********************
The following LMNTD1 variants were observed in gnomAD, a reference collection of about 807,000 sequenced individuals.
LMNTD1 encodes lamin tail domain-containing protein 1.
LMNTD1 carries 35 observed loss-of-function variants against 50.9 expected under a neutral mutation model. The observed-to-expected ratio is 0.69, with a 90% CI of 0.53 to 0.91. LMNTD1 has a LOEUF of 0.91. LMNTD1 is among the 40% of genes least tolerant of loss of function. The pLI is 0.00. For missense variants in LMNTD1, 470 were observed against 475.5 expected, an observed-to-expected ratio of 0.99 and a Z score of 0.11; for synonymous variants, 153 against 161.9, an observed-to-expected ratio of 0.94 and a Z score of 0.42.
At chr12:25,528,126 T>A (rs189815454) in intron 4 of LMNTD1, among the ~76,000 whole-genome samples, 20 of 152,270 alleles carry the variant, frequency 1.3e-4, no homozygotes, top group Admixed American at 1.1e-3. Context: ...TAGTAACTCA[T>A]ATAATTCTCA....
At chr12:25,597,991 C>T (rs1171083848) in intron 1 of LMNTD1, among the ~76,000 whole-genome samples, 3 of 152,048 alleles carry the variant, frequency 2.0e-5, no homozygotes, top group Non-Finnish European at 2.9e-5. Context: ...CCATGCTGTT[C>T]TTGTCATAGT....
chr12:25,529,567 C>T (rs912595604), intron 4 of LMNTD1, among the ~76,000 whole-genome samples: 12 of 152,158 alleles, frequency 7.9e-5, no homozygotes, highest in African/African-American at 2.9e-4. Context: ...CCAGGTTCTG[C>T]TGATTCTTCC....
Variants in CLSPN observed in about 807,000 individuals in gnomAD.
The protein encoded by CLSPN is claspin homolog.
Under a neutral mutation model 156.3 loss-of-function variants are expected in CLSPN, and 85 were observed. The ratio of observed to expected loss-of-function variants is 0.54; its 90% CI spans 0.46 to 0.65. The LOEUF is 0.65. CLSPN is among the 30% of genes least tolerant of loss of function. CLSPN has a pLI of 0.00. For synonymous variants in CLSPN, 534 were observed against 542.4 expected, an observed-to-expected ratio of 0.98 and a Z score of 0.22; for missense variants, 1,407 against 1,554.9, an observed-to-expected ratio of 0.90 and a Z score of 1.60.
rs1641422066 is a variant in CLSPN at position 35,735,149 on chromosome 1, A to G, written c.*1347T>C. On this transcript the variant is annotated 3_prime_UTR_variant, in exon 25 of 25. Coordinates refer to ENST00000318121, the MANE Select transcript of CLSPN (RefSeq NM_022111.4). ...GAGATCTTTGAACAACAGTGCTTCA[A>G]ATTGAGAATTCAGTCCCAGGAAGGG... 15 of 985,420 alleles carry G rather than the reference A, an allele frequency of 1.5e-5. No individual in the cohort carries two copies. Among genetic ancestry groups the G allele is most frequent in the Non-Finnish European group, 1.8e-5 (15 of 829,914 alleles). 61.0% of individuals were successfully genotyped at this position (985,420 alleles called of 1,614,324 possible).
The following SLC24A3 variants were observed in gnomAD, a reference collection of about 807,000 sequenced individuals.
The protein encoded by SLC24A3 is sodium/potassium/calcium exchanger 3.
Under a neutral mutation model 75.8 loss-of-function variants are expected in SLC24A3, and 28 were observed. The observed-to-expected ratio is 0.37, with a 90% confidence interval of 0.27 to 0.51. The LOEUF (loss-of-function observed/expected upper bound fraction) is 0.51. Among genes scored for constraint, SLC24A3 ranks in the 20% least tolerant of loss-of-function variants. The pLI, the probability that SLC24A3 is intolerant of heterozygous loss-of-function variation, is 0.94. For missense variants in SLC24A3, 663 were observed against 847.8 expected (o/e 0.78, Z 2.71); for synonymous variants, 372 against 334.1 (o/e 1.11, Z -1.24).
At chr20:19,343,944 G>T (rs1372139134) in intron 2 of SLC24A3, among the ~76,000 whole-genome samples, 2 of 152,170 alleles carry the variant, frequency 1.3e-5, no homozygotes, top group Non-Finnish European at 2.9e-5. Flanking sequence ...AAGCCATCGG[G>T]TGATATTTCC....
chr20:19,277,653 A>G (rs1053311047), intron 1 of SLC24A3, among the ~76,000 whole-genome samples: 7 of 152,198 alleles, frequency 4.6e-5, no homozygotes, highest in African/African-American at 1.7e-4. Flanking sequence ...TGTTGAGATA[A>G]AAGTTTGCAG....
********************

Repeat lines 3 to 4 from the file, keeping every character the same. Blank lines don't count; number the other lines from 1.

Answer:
LMNTD1 carries 35 observed loss-of-function variants against 50.9 expected under a neutral mutation model. The observed-to-expected ratio is 0.69, with a 90% CI of 0.53 to 0.91. LMNTD1 has a LOEUF of 0.91. LMNTD1 is among the 40% of genes least tolerant of loss of function. The pLI is 0.00. For missense variants in LMNTD1, 470 were observed against 475.5 expected, an observed-to-expected ratio of 0.99 and a Z score of 0.11; for synonymous variants, 153 against 161.9, an observed-to-expected ratio of 0.94 and a Z score of 0.42.
At chr12:25,528,126 T>A (rs189815454) in intron 4 of LMNTD1, among the ~76,000 whole-genome samples, 20 of 152,270 alleles carry the variant, frequency 1.3e-4, no homozygotes, top group Admixed American at 1.1e-3. Context: ...TAGTAACTCA[T>A]ATAATTCTCA....